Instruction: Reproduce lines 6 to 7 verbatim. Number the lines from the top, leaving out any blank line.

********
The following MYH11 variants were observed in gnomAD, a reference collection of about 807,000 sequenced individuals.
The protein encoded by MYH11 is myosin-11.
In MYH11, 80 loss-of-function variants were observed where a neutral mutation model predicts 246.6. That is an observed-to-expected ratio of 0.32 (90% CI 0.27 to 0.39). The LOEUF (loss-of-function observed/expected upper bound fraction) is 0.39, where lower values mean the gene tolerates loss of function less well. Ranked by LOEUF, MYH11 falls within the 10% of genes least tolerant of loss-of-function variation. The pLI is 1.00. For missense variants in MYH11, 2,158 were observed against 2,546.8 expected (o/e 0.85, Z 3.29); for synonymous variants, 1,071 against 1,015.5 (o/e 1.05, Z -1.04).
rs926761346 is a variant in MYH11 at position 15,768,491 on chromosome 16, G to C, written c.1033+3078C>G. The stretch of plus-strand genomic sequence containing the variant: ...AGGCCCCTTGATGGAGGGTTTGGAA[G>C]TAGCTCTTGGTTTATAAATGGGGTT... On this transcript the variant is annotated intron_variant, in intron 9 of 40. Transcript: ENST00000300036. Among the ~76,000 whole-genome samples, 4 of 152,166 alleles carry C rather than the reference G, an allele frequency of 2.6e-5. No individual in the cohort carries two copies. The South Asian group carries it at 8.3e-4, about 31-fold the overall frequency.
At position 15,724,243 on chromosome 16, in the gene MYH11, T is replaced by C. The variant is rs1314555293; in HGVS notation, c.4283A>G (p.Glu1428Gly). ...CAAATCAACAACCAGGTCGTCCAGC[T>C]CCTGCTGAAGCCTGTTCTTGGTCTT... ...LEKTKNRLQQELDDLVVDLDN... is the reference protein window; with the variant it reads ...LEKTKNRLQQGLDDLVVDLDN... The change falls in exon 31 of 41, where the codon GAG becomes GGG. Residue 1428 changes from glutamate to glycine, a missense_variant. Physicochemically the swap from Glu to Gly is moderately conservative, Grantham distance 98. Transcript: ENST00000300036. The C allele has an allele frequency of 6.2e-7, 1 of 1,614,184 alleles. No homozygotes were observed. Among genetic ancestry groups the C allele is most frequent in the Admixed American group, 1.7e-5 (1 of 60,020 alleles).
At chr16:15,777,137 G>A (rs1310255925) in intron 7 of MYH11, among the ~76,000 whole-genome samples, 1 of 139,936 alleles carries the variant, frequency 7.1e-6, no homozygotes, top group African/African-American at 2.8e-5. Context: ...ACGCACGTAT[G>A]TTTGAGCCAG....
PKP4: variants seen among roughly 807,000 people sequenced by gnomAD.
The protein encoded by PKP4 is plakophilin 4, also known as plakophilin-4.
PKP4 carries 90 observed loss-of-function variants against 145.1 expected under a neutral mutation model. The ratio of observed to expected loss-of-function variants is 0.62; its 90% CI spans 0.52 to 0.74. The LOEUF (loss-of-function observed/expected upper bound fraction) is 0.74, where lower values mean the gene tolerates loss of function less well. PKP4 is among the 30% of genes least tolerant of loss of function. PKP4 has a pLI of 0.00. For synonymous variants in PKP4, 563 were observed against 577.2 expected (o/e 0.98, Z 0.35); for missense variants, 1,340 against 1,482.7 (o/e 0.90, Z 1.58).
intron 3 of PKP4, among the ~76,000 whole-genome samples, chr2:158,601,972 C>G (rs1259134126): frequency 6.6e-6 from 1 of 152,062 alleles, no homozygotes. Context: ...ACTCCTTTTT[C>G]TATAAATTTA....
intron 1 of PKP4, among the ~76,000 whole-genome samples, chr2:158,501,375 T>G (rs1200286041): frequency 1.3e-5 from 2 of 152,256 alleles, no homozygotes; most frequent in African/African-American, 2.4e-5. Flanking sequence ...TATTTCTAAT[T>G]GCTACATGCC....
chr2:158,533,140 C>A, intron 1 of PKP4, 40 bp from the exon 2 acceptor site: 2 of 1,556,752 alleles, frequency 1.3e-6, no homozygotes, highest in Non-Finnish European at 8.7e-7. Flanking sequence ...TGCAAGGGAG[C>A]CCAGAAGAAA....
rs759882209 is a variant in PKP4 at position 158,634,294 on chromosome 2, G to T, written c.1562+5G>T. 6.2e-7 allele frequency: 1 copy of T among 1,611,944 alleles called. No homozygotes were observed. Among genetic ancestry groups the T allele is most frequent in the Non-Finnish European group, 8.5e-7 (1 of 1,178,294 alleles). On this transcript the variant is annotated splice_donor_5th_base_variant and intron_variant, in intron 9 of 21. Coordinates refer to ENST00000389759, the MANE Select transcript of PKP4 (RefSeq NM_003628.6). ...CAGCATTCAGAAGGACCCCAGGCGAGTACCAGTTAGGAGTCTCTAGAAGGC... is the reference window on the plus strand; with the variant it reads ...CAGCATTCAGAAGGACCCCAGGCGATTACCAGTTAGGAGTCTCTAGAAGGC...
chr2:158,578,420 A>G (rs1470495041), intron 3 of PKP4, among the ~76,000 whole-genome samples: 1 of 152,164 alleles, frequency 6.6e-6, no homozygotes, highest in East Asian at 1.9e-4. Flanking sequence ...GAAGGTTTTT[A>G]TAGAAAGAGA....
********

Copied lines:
At chr16:15,777,137 G>A (rs1310255925) in intron 7 of MYH11, among the ~76,000 whole-genome samples, 1 of 139,936 alleles carries the variant, frequency 7.1e-6, no homozygotes, top group African/African-American at 2.8e-5. Context: ...ACGCACGTAT[G>A]TTTGAGCCAG....
PKP4: variants seen among roughly 807,000 people sequenced by gnomAD.